But the album's brilliant melodies and endearing optimism bathe everything in a radiant, innocent light. It's all too easy to get lost in the sweet alliance of burbling bass, frisky drums, jangling guitar and singing keyboard. So pure at heart, so high on life.

Thursday, February 18, 2010

The top 10 albums of 2009: No. 2

Nite Jewel
Good Evening

When we're first introduced to Ramona Gonzalez's voice, on "Bottom Rung," it's buried; perhaps it is the rung.

And yet it's all around us, enfolding the sanctuary- or pagoda-suited keyboard, as if she's pulling a curtain of raindrop beads.

Read my review of Good Evening here.

Sunday, February 14, 2010

The top 10 albums of 2009: No. 3

Grizzly Bear

On Grizzly Bear's follow-up to the much-praised Yellow House, they again draw inspiration from setting. This time the title is a little island off Massachusetts that isn't even recognized by the Census Bureau. But that's only the start of the mystique.

Read my review of Veckatimest here.

The top 10 albums of 2009: No. 4

Speck Mountain
Some Sweet Relief

The sophomore album from Chicago's Speck Mountain is infused with a spiritual energy. Just don't expect mitres and pulpits.

Read my review of Some Sweet Relief here.

Tuesday, February 9, 2010

The top 10 albums of 2009: No. 5

The Flaming Lips

Listening to Embryonic, I can't help but think it was meant to be experienced in a format other than CD. Vinyl, maybe: spread out over two or three records. Or perhaps on cassette, giving it an A side and a B side. Or maybe its songs were meant to be beamed directly into your brain and arranged to match your mood, care of some device to be invented decades from now.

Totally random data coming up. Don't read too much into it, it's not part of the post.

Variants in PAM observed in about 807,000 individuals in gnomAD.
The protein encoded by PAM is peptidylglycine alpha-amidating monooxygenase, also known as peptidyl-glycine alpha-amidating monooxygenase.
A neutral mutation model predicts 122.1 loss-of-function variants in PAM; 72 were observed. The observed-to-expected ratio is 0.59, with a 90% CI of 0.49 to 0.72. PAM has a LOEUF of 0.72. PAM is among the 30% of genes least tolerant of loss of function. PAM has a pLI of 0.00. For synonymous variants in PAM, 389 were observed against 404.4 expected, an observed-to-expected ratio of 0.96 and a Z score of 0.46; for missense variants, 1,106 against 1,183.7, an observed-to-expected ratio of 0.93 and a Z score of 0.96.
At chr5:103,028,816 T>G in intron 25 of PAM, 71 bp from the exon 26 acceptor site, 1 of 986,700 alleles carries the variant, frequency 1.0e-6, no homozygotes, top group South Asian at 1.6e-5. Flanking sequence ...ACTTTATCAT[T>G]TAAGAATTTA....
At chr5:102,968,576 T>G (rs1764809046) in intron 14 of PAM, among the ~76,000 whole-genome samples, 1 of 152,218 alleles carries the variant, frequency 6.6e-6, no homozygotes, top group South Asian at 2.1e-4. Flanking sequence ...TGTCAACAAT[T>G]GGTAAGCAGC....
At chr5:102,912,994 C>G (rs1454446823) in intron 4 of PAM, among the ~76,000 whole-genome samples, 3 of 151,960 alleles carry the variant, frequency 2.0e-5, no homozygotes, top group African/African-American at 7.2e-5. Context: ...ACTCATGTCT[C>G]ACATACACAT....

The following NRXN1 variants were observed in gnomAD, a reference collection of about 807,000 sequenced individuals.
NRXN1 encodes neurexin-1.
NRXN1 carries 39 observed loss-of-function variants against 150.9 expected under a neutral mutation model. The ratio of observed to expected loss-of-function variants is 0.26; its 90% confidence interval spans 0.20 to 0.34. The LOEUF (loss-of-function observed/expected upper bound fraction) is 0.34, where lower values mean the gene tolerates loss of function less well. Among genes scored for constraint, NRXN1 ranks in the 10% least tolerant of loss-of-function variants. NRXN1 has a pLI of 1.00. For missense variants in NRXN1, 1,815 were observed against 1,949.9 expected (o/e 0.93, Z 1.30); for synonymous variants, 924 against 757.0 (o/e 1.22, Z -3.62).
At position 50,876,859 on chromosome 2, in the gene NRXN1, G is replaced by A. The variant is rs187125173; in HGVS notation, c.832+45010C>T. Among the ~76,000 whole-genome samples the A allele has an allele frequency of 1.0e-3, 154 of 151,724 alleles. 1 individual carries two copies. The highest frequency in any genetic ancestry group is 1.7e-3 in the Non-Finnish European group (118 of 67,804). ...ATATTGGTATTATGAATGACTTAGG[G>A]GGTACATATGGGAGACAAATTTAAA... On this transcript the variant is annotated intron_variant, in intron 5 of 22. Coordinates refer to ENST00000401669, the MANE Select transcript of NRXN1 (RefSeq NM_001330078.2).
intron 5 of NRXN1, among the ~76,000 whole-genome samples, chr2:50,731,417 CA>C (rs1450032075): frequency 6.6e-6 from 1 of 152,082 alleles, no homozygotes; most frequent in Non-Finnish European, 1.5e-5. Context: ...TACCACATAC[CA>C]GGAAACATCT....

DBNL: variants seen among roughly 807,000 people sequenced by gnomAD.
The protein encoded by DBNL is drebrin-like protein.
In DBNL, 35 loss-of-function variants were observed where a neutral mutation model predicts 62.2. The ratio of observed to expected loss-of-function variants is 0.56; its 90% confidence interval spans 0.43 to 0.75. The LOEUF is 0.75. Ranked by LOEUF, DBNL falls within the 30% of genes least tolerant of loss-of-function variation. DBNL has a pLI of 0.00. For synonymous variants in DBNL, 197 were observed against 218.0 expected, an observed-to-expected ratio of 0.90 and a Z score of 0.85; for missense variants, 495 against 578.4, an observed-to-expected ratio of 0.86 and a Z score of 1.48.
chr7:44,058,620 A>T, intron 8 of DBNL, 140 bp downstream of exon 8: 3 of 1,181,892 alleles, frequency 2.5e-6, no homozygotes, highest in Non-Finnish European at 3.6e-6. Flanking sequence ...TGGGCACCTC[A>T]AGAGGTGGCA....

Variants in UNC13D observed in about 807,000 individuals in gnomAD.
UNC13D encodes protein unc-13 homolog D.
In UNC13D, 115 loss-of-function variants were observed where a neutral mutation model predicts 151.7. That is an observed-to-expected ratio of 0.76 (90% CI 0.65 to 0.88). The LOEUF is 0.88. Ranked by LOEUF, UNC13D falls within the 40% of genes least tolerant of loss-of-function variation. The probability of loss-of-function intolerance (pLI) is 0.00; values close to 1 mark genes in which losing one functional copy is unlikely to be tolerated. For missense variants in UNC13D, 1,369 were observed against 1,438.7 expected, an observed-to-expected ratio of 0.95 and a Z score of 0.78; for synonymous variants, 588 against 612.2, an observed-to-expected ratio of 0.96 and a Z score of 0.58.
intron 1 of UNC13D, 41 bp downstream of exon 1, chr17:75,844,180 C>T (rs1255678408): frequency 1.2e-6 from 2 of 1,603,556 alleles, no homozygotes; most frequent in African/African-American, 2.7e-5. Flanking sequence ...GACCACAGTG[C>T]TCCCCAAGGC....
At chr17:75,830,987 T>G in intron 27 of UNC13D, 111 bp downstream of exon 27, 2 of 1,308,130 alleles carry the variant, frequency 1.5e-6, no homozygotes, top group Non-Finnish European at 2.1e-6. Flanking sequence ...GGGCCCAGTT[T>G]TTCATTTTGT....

Of course, this is the same band that released Zaireeka, a four-disc curiosity intended to be consumed simultaneously. (In other words, you'd need four different stereos.) Unlike The Soft Bulletin (1999), which came two years after Zaireeka, and unlike Yoshimi Battles the Pink Robots (2002) or At War With the Mystics (2006), Embryonic scales back the pop melodies and indulges in atmosphere. This atmosphere vacillates from frenetic and clattering ("Aquarius Sabotage," "Scorpio Sword") to peaceful and drifting ("The Impulse").

"Gemini Syringes" is trance-inducing space rock: As German mathematician Thorsten Wörmann deliberates on an equation, the slow throb of Michael Ivins' bass sways us into a haze. And there's an intermittent clacking, too. It sounds reptilian (but is later revealed to be ... Karen O[!]).

In quiet ballads "Evil" and "If," which could be parts I & II of the same song, Wayne Coyne and Steven Drozd examine the good-vs.-evil duality of human nature. They show considerable sensitivity in these, Coyne wanting in the former to spare someone pain, and in the latter Drozd weighing which human motivation is stronger. Bad news: They conclude it's evil, although they do preface that by implying we have more than a small choice in the matter. Drozd sings, "They can be gentle, too / if they decide."